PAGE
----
Friday night, Hubby and I taped up all the areas that are not going to be painted... this includes the area around the furnace, the storage space under the stairs, the stairs themselves, the windows, and our two bare concrete walls around the garage that will not need any insulation.  We also covered the floor the best we could since we plan on applying an epoxy to those soon.  By the time we were done protecting, our basement looked like a scene from Dexter...

Then Saturday morning we got set up for the actual painting.  Here's Hubby showing off his awesome protective gear... Goofiness aside, this is a must - since you are spraying overhead, the overspray is fairly significant.  Also, we are fortunate enough to have two opening windows in our basement, but we left them closed during the actual spraying, which means that you will really need the respirator mask as well to block the fumes.  I think it's got serious potential for a new fashion fad...

Since we left a considerable amount of furniture actually in the basement, we split the project into two parts - the main room and Hubby's office.  The bad news: this made it a two day project with double clean up.  The good news: I didn't have to help carry up those horribly heavy desks and the couch bed (which would have been impossible, not just a pain, btw... my arms are just too scrawny for that!)  + it gave us this beautiful side-by-side Before and After!

 I have to admit that Hubby was right, the white paint really does not hide the imperfections of the ceiling.  I still think that it looks a hundred times better than the bare wood, but you can see the glue drips, staples, the grain of the particle board, etc.  However, I was right about the way it would brighten the space.  Oh my goodness the difference it made is truly amazing.

 Here is the After of what is going to be the Game Room

And the After of what will be Hubby's office

And this is my office after we moved the furniture for Day 2.  This is how it will stay until the floor is finished in the main area and Hubby's office.

Bright side: The ceiling only took us a day and a half and was really just a one person job.  Hubby did all of the spraying and I just played assistant running back and forth with fresh supplies and helping clean up in between coats (which was quite a chore) and entertaining munchkins.  It would have been a one day project if we hadn't left so much junk down there that needed to be worked around.

We really came across no surprises during the process.  Expect to do some prep work, get messy, and to spend more time cleaning your sprayer than you spent actually spraying.  Otherwise there isn't much to it.

We also stayed exactly on our original estimate of $500 - we did end up needing two more gallons of primer, but we were able to return two gallons of unused paint so the cost came out exactly even.  In the end we used 9 gallons of primer, which applied two thin coats.  And less than 5 gallons of paint which applied one coat.  There was a little bit of uneveness in the coverage, but afterall, its a ceiling and with that uneven surface it's going to throw so many shadows that those uneven spots will just blend in anyway.  And because it brightened up the space so much, I really feel like its a winner.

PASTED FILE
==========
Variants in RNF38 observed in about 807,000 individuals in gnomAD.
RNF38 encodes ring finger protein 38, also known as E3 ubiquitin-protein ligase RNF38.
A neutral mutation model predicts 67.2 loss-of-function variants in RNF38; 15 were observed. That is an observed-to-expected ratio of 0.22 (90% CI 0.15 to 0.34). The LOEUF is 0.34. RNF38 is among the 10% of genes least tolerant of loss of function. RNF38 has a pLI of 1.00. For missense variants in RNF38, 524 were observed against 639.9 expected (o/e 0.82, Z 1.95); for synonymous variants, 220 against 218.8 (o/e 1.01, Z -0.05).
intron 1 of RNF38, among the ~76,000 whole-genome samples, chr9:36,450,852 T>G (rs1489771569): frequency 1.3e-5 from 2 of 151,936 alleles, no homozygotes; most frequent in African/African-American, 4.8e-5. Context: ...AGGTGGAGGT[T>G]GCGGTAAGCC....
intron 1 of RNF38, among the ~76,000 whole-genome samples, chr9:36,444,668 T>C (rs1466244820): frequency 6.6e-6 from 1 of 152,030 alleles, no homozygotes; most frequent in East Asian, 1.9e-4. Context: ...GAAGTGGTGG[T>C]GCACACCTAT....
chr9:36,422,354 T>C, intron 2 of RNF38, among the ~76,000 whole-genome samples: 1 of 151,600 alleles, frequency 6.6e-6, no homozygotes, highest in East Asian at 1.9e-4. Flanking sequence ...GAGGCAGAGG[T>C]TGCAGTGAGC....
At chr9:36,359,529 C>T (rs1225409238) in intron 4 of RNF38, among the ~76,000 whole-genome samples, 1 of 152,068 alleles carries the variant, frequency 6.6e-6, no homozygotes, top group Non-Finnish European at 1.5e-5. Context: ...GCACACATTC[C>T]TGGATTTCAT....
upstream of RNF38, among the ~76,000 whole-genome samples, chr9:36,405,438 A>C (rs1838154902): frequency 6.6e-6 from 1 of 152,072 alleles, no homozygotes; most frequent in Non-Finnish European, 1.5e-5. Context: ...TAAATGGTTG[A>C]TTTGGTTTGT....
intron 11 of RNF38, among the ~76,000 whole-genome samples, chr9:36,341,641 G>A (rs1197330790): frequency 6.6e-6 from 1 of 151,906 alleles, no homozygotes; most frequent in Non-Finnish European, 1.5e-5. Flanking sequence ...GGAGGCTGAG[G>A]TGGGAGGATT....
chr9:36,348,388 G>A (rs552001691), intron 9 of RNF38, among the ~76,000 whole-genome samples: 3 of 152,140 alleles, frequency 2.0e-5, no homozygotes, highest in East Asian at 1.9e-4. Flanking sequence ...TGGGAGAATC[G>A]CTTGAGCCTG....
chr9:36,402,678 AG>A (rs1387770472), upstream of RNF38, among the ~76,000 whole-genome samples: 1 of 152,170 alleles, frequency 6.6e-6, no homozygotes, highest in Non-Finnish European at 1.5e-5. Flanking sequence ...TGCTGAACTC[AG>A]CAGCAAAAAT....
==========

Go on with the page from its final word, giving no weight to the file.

Dreaming of a Basement

Monday, July 4, 2016

One of the main things we were looking for when we bought our house was the basement.  Several of the houses that we looked at during our house search would have been perfect if they had come with a basement.  Andrew and I really wanted this blank canvas to design to our hearts content and to utilize for the extra spaces we has always dreamed of having - an office for each of us, a casual living room area for movies, video games and future teenagers to hang out in, and a game room for our board game obsession and entertaining. Other things that we wanted was storage space both for games (our collection is pretty extensive), for children's art supplies, and for long term storage tubs.  We also would like to have a bar and an art/creative space for the kids.

Overall we have approximately 800 sq ft to work with, so we are really going to have to make every inch count and some of the spaces are going to have to pull double duty.

This is what we have to work with:

The future Game Room

 My future office/craft room

Hubby's future office

Oh and those spots on the insulation.... yeah, those were not there when we bought the house.  Those are the handy work of our big dog, Jewel - apparently she was tired of being left alone because we came home to this during our last week (week #6 of total moving/transition timeline) of cleaning up the old place.  The couch was sitting under that window for a couple of weeks.  We think she was trying to see out the window and accidentally discovered that the insulation comes apart.  She then proceeded to try it in three other places around the basement :-/

So, we are still trying to decide on our furniture layout and closets, but we are pretty set on our walls.  These are the finalists.

Phase 1 in the basement is going to be ceiling, floor and walls - basically we are just going to make the rooms "habitable" for now.  That means we still have time to decide on specifics, but these drawings are making me optimistic that we can get everything we want out of the space.  I'm also glad that all of this construction is going to be taking place in an area that we are not currently using - for once we do not have to live with remodeling dust and displaced living spaces.  *Sigh of relief*

Theme by: Pish and Posh Designs